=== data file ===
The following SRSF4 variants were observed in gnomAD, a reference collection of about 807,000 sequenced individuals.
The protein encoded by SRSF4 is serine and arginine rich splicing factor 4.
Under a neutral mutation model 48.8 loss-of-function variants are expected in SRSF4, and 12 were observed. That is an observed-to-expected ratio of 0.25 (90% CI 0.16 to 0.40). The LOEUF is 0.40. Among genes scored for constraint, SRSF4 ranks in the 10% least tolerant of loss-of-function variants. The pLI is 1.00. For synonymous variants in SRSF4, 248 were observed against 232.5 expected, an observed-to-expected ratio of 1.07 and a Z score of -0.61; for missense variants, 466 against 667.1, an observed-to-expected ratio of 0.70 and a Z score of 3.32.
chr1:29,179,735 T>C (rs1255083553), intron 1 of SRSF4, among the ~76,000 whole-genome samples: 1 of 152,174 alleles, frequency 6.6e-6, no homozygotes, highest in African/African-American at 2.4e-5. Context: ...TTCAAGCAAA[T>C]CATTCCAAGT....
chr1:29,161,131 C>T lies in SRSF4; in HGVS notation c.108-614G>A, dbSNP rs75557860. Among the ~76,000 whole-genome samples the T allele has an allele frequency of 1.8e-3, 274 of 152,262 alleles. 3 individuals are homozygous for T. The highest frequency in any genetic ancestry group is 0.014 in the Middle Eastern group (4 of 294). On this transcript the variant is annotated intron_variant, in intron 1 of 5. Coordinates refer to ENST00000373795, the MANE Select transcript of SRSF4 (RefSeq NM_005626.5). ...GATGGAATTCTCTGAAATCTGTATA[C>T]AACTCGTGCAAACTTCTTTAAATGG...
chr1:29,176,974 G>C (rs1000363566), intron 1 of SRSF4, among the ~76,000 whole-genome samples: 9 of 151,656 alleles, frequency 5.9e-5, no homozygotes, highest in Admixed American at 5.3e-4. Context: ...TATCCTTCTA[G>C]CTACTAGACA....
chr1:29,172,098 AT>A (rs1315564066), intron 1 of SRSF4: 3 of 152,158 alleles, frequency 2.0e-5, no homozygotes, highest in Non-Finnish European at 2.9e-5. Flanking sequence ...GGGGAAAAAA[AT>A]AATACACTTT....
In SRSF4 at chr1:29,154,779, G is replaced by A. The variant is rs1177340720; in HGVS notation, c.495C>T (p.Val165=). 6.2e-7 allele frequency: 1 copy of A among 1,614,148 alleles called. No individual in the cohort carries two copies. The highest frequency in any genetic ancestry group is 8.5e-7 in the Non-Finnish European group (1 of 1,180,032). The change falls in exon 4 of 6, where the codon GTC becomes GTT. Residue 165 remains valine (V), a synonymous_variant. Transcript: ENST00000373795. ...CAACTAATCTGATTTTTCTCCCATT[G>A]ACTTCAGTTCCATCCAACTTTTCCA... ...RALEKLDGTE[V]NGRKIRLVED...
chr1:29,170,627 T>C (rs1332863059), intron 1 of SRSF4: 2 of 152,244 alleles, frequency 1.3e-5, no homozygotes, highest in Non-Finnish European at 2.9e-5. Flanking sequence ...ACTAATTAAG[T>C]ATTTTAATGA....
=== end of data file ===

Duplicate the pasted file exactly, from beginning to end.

The following SRSF4 variants were observed in gnomAD, a reference collection of about 807,000 sequenced individuals.
The protein encoded by SRSF4 is serine and arginine rich splicing factor 4.
Under a neutral mutation model 48.8 loss-of-function variants are expected in SRSF4, and 12 were observed. That is an observed-to-expected ratio of 0.25 (90% CI 0.16 to 0.40). The LOEUF is 0.40. Among genes scored for constraint, SRSF4 ranks in the 10% least tolerant of loss-of-function variants. The pLI is 1.00. For synonymous variants in SRSF4, 248 were observed against 232.5 expected, an observed-to-expected ratio of 1.07 and a Z score of -0.61; for missense variants, 466 against 667.1, an observed-to-expected ratio of 0.70 and a Z score of 3.32.
chr1:29,179,735 T>C (rs1255083553), intron 1 of SRSF4, among the ~76,000 whole-genome samples: 1 of 152,174 alleles, frequency 6.6e-6, no homozygotes, highest in African/African-American at 2.4e-5. Context: ...TTCAAGCAAA[T>C]CATTCCAAGT....
chr1:29,161,131 C>T lies in SRSF4; in HGVS notation c.108-614G>A, dbSNP rs75557860. Among the ~76,000 whole-genome samples the T allele has an allele frequency of 1.8e-3, 274 of 152,262 alleles. 3 individuals are homozygous for T. The highest frequency in any genetic ancestry group is 0.014 in the Middle Eastern group (4 of 294). On this transcript the variant is annotated intron_variant, in intron 1 of 5. Coordinates refer to ENST00000373795, the MANE Select transcript of SRSF4 (RefSeq NM_005626.5). ...GATGGAATTCTCTGAAATCTGTATA[C>T]AACTCGTGCAAACTTCTTTAAATGG...
chr1:29,176,974 G>C (rs1000363566), intron 1 of SRSF4, among the ~76,000 whole-genome samples: 9 of 151,656 alleles, frequency 5.9e-5, no homozygotes, highest in Admixed American at 5.3e-4. Context: ...TATCCTTCTA[G>C]CTACTAGACA....
chr1:29,172,098 AT>A (rs1315564066), intron 1 of SRSF4: 3 of 152,158 alleles, frequency 2.0e-5, no homozygotes, highest in Non-Finnish European at 2.9e-5. Flanking sequence ...GGGGAAAAAA[AT>A]AATACACTTT....
In SRSF4 at chr1:29,154,779, G is replaced by A. The variant is rs1177340720; in HGVS notation, c.495C>T (p.Val165=). 6.2e-7 allele frequency: 1 copy of A among 1,614,148 alleles called. No individual in the cohort carries two copies. The highest frequency in any genetic ancestry group is 8.5e-7 in the Non-Finnish European group (1 of 1,180,032). The change falls in exon 4 of 6, where the codon GTC becomes GTT. Residue 165 remains valine (V), a synonymous_variant. Transcript: ENST00000373795. ...CAACTAATCTGATTTTTCTCCCATT[G>A]ACTTCAGTTCCATCCAACTTTTCCA... ...RALEKLDGTE[V]NGRKIRLVED...
chr1:29,170,627 T>C (rs1332863059), intron 1 of SRSF4: 2 of 152,244 alleles, frequency 1.3e-5, no homozygotes, highest in Non-Finnish European at 2.9e-5. Flanking sequence ...ACTAATTAAG[T>C]ATTTTAATGA....